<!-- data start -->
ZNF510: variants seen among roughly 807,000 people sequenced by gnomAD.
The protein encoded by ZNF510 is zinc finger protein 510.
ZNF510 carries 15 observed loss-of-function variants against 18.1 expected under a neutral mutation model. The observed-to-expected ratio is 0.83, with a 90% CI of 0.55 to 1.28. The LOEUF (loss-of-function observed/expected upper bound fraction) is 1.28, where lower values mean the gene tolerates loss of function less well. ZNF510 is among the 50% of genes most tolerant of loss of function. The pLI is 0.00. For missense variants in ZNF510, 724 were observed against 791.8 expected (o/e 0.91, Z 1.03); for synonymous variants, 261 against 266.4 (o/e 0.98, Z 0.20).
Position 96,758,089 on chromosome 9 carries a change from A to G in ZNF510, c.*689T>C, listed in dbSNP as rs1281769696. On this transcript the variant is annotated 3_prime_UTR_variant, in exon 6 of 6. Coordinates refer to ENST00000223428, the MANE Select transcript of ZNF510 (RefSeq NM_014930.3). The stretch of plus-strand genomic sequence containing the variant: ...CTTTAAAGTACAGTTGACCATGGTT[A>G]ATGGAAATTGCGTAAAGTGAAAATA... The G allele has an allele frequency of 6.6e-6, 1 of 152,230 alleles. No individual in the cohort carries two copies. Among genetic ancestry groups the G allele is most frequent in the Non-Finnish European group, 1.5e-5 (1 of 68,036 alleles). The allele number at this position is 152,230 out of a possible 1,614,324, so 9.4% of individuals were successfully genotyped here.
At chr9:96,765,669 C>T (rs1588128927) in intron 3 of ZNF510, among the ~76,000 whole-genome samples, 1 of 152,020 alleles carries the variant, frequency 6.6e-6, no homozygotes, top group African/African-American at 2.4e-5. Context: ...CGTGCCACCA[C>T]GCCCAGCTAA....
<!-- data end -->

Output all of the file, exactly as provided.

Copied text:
ZNF510: variants seen among roughly 807,000 people sequenced by gnomAD.
The protein encoded by ZNF510 is zinc finger protein 510.
ZNF510 carries 15 observed loss-of-function variants against 18.1 expected under a neutral mutation model. The observed-to-expected ratio is 0.83, with a 90% CI of 0.55 to 1.28. The LOEUF (loss-of-function observed/expected upper bound fraction) is 1.28, where lower values mean the gene tolerates loss of function less well. ZNF510 is among the 50% of genes most tolerant of loss of function. The pLI is 0.00. For missense variants in ZNF510, 724 were observed against 791.8 expected (o/e 0.91, Z 1.03); for synonymous variants, 261 against 266.4 (o/e 0.98, Z 0.20).
Position 96,758,089 on chromosome 9 carries a change from A to G in ZNF510, c.*689T>C, listed in dbSNP as rs1281769696. On this transcript the variant is annotated 3_prime_UTR_variant, in exon 6 of 6. Coordinates refer to ENST00000223428, the MANE Select transcript of ZNF510 (RefSeq NM_014930.3). The stretch of plus-strand genomic sequence containing the variant: ...CTTTAAAGTACAGTTGACCATGGTT[A>G]ATGGAAATTGCGTAAAGTGAAAATA... The G allele has an allele frequency of 6.6e-6, 1 of 152,230 alleles. No individual in the cohort carries two copies. Among genetic ancestry groups the G allele is most frequent in the Non-Finnish European group, 1.5e-5 (1 of 68,036 alleles). The allele number at this position is 152,230 out of a possible 1,614,324, so 9.4% of individuals were successfully genotyped here.
At chr9:96,765,669 C>T (rs1588128927) in intron 3 of ZNF510, among the ~76,000 whole-genome samples, 1 of 152,020 alleles carries the variant, frequency 6.6e-6, no homozygotes, top group African/African-American at 2.4e-5. Context: ...CGTGCCACCA[C>T]GCCCAGCTAA....